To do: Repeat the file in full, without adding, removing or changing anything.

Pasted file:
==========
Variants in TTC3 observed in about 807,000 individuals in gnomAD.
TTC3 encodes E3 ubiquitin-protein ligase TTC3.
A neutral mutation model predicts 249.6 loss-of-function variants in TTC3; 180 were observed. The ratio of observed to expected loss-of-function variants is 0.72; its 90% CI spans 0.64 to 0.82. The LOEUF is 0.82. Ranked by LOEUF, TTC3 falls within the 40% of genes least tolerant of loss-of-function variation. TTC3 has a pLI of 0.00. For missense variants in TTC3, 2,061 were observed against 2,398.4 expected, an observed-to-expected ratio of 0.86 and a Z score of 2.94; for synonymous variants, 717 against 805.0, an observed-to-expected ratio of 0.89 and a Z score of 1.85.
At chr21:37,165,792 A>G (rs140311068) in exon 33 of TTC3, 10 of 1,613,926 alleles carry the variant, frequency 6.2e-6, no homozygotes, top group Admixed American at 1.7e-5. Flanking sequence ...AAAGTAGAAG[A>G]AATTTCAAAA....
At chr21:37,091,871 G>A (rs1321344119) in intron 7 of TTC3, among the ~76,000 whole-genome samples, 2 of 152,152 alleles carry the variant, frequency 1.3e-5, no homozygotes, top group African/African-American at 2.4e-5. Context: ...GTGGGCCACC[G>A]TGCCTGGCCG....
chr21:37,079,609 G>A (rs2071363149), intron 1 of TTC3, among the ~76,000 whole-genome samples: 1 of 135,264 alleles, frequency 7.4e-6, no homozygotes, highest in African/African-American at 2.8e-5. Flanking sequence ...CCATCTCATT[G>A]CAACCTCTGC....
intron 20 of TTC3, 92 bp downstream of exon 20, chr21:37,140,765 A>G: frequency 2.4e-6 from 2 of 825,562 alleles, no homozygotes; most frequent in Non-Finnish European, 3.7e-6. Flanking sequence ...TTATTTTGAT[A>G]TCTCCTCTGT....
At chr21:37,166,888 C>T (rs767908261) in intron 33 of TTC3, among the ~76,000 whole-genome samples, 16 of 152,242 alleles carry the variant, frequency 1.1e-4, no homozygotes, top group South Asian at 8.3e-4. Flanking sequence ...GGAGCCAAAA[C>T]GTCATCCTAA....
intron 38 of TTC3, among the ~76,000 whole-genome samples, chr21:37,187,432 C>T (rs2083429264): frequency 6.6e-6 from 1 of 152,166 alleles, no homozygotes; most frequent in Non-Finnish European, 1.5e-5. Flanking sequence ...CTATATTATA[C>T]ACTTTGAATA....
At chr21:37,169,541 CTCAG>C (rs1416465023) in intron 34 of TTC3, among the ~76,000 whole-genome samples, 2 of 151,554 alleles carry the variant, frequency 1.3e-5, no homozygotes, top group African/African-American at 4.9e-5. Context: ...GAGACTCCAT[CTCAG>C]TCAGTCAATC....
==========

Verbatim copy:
Variants in TTC3 observed in about 807,000 individuals in gnomAD.
TTC3 encodes E3 ubiquitin-protein ligase TTC3.
A neutral mutation model predicts 249.6 loss-of-function variants in TTC3; 180 were observed. The ratio of observed to expected loss-of-function variants is 0.72; its 90% CI spans 0.64 to 0.82. The LOEUF is 0.82. Ranked by LOEUF, TTC3 falls within the 40% of genes least tolerant of loss-of-function variation. TTC3 has a pLI of 0.00. For missense variants in TTC3, 2,061 were observed against 2,398.4 expected, an observed-to-expected ratio of 0.86 and a Z score of 2.94; for synonymous variants, 717 against 805.0, an observed-to-expected ratio of 0.89 and a Z score of 1.85.
At chr21:37,165,792 A>G (rs140311068) in exon 33 of TTC3, 10 of 1,613,926 alleles carry the variant, frequency 6.2e-6, no homozygotes, top group Admixed American at 1.7e-5. Flanking sequence ...AAAGTAGAAG[A>G]AATTTCAAAA....
At chr21:37,091,871 G>A (rs1321344119) in intron 7 of TTC3, among the ~76,000 whole-genome samples, 2 of 152,152 alleles carry the variant, frequency 1.3e-5, no homozygotes, top group African/African-American at 2.4e-5. Context: ...GTGGGCCACC[G>A]TGCCTGGCCG....
chr21:37,079,609 G>A (rs2071363149), intron 1 of TTC3, among the ~76,000 whole-genome samples: 1 of 135,264 alleles, frequency 7.4e-6, no homozygotes, highest in African/African-American at 2.8e-5. Flanking sequence ...CCATCTCATT[G>A]CAACCTCTGC....
intron 20 of TTC3, 92 bp downstream of exon 20, chr21:37,140,765 A>G: frequency 2.4e-6 from 2 of 825,562 alleles, no homozygotes; most frequent in Non-Finnish European, 3.7e-6. Flanking sequence ...TTATTTTGAT[A>G]TCTCCTCTGT....
At chr21:37,166,888 C>T (rs767908261) in intron 33 of TTC3, among the ~76,000 whole-genome samples, 16 of 152,242 alleles carry the variant, frequency 1.1e-4, no homozygotes, top group South Asian at 8.3e-4. Flanking sequence ...GGAGCCAAAA[C>T]GTCATCCTAA....
intron 38 of TTC3, among the ~76,000 whole-genome samples, chr21:37,187,432 C>T (rs2083429264): frequency 6.6e-6 from 1 of 152,166 alleles, no homozygotes; most frequent in Non-Finnish European, 1.5e-5. Flanking sequence ...CTATATTATA[C>T]ACTTTGAATA....
At chr21:37,169,541 CTCAG>C (rs1416465023) in intron 34 of TTC3, among the ~76,000 whole-genome samples, 2 of 151,554 alleles carry the variant, frequency 1.3e-5, no homozygotes, top group African/African-American at 4.9e-5. Context: ...GAGACTCCAT[CTCAG>C]TCAGTCAATC....